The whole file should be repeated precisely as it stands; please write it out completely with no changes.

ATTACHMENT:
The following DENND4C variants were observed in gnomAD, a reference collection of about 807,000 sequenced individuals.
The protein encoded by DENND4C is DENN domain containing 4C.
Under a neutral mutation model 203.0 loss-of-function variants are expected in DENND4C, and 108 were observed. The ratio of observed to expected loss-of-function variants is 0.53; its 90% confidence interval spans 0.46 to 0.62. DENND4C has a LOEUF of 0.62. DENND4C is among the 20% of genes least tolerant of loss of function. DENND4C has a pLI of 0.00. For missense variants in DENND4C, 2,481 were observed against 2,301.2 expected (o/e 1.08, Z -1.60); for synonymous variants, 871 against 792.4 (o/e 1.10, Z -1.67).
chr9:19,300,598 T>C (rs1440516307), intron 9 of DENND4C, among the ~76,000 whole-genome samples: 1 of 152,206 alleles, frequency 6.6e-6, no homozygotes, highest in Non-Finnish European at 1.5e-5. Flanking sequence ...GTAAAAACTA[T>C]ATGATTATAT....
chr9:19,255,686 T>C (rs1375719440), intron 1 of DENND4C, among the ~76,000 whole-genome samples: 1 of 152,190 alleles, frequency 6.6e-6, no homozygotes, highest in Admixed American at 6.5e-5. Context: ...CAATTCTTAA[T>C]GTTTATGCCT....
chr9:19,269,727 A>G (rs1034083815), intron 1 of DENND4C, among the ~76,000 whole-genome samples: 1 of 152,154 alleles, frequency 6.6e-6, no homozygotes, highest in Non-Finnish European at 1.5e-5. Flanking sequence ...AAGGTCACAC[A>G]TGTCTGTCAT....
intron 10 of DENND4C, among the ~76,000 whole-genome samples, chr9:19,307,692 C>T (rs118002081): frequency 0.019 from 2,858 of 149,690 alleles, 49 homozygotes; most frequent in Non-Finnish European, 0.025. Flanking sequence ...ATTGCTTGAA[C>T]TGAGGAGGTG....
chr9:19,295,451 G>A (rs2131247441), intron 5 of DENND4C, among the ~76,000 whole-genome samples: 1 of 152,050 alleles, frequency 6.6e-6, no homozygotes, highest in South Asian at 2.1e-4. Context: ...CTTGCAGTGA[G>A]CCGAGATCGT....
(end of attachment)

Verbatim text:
The following DENND4C variants were observed in gnomAD, a reference collection of about 807,000 sequenced individuals.
The protein encoded by DENND4C is DENN domain containing 4C.
Under a neutral mutation model 203.0 loss-of-function variants are expected in DENND4C, and 108 were observed. The ratio of observed to expected loss-of-function variants is 0.53; its 90% confidence interval spans 0.46 to 0.62. DENND4C has a LOEUF of 0.62. DENND4C is among the 20% of genes least tolerant of loss of function. DENND4C has a pLI of 0.00. For missense variants in DENND4C, 2,481 were observed against 2,301.2 expected (o/e 1.08, Z -1.60); for synonymous variants, 871 against 792.4 (o/e 1.10, Z -1.67).
chr9:19,300,598 T>C (rs1440516307), intron 9 of DENND4C, among the ~76,000 whole-genome samples: 1 of 152,206 alleles, frequency 6.6e-6, no homozygotes, highest in Non-Finnish European at 1.5e-5. Flanking sequence ...GTAAAAACTA[T>C]ATGATTATAT....
chr9:19,255,686 T>C (rs1375719440), intron 1 of DENND4C, among the ~76,000 whole-genome samples: 1 of 152,190 alleles, frequency 6.6e-6, no homozygotes, highest in Admixed American at 6.5e-5. Context: ...CAATTCTTAA[T>C]GTTTATGCCT....
chr9:19,269,727 A>G (rs1034083815), intron 1 of DENND4C, among the ~76,000 whole-genome samples: 1 of 152,154 alleles, frequency 6.6e-6, no homozygotes, highest in Non-Finnish European at 1.5e-5. Flanking sequence ...AAGGTCACAC[A>G]TGTCTGTCAT....
intron 10 of DENND4C, among the ~76,000 whole-genome samples, chr9:19,307,692 C>T (rs118002081): frequency 0.019 from 2,858 of 149,690 alleles, 49 homozygotes; most frequent in Non-Finnish European, 0.025. Flanking sequence ...ATTGCTTGAA[C>T]TGAGGAGGTG....
chr9:19,295,451 G>A (rs2131247441), intron 5 of DENND4C, among the ~76,000 whole-genome samples: 1 of 152,050 alleles, frequency 6.6e-6, no homozygotes, highest in South Asian at 2.1e-4. Context: ...CTTGCAGTGA[G>A]CCGAGATCGT....